Job Title: Teacher
Type of Company: I work for a school district in a suburb of Boston.
Education: BA, History, College of Charleston (South Carolina) MA, Intercultural Relations, Lesley University (Cambridge, MA)
Previous Experience: I worked as an instructor at Outward Bound and taught English in Japan.
Job Tasks: I teach ninth graders Modern World History, beginning with the Enlightenment and working up to the present. I also teach Sociology as an elective to 11th and 12th graders. I am the faculty advisor for the Model UN club here at the high school.
In order to teach effectively, my colleagues and I work on our curriculum for the entire course. This involves thinking about what the goals are for the entire year, and then breaking down these goals for each unit. It's important to keep in mind how the goal for each unit helps students understand the larger goals we've set for the course. This happens on a smaller level as well, thinking about how the learning goals for each lesson help students reach the understandings for each unit that we want them to remember years from now. For us, it's not as important that they remember key words, but the larger concepts. For example, rather than remember specific machines that were developed during the industrial revolution, we hope that students understand how the invention of new machines impacted the economy the and government as well as change the structure of society.
Of course I also have to answer emails, provide extra help to kids who need it, and teach.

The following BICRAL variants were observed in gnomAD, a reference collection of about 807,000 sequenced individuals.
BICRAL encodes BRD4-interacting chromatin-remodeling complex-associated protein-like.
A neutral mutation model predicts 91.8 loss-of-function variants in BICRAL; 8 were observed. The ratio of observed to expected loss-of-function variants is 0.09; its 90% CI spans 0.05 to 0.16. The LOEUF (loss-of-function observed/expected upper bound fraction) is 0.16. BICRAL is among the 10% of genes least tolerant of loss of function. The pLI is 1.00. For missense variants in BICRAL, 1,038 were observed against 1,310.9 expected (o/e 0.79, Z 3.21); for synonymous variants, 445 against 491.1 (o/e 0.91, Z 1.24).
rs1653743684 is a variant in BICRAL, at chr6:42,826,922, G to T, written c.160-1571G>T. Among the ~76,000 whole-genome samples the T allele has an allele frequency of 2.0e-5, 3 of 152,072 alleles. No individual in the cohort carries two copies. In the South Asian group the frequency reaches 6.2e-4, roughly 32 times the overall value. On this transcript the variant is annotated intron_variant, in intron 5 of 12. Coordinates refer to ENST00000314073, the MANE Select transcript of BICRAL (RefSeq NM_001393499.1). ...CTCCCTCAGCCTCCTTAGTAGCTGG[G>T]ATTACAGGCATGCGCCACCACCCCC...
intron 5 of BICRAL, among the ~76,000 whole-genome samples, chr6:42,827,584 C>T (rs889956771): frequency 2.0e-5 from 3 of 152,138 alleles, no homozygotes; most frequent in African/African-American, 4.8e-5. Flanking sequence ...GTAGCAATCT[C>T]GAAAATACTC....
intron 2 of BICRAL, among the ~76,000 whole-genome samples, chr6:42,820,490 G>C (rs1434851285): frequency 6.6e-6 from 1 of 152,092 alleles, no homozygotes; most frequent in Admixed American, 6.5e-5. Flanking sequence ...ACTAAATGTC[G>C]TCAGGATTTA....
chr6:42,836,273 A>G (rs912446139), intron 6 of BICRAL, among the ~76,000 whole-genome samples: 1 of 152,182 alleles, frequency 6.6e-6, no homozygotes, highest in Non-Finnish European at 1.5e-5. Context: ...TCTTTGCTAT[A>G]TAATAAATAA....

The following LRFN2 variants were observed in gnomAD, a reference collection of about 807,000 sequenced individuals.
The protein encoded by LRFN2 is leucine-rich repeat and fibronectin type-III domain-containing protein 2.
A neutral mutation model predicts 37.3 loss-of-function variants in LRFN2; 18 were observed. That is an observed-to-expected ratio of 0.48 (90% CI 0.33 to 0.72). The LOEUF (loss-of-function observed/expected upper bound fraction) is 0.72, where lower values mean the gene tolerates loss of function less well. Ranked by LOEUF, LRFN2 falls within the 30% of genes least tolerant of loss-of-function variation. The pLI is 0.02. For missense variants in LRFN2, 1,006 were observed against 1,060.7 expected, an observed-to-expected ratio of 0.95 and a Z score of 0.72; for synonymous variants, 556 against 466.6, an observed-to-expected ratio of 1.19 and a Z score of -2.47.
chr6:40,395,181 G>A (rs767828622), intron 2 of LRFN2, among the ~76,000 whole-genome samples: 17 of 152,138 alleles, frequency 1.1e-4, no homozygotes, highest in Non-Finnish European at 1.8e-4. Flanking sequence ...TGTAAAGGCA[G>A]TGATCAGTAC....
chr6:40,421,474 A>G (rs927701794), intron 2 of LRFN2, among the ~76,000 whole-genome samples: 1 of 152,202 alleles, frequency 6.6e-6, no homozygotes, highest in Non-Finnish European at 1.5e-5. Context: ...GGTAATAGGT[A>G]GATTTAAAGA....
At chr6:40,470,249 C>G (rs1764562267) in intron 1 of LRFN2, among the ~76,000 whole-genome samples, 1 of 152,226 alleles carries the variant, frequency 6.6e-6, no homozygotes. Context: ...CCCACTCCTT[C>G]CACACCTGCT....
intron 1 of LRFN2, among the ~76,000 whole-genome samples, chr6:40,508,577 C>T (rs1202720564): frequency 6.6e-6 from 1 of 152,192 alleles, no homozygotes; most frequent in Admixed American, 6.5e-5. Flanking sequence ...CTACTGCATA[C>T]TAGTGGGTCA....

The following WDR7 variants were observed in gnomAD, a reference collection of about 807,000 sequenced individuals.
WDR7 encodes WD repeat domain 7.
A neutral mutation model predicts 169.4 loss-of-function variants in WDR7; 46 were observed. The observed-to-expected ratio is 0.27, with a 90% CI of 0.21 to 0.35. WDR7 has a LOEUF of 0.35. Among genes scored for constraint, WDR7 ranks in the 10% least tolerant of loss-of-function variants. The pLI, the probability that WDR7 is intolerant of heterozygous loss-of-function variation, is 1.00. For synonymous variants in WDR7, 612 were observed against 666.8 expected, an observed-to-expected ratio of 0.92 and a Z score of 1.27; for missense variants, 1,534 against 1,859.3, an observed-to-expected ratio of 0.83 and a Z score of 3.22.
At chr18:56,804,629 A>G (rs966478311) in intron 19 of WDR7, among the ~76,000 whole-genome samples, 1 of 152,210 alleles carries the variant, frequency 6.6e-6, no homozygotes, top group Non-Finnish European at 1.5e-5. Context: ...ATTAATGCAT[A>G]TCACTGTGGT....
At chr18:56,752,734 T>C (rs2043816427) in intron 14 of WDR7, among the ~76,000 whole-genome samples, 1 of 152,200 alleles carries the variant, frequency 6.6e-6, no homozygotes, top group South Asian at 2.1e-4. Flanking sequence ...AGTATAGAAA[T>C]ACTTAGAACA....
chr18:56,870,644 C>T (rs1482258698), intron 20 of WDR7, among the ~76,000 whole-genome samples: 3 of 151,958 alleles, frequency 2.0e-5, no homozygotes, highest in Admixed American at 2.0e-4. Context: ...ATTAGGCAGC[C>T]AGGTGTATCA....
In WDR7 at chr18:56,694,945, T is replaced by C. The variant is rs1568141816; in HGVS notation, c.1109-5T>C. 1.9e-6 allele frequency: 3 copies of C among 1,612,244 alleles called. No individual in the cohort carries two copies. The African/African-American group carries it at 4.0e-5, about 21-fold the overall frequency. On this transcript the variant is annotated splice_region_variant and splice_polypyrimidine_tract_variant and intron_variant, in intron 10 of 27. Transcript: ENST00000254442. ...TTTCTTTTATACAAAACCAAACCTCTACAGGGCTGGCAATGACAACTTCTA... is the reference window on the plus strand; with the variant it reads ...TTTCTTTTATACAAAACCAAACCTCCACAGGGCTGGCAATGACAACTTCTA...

Best and Worst Parts of the Job: I love interacting with my students. I get to see how much ninth graders grow over the course of their first year in high school. Then, if I have them again in Sociology, I also get to see how much they've changed. I also like to think about how I can help students understand the big ideas that I'm hoping they'll encounter after they leave my class.
I don't like pushy parents or students who are more focused on the grade than learning. I also get irked by teachers who are not as focused on learning.
Job Tips: If you don't like kids, you're not going to enjoy teaching or be successful at it. You interact with kids more than anything else.
Remember that you're teaching kids who have lives outside of your classroom. As important as history is for me, I try to recognize that it might not be the most important thing for them.
Don't simply think about your content (history, English, math, etc.) but about how you're going to help students understand that content.
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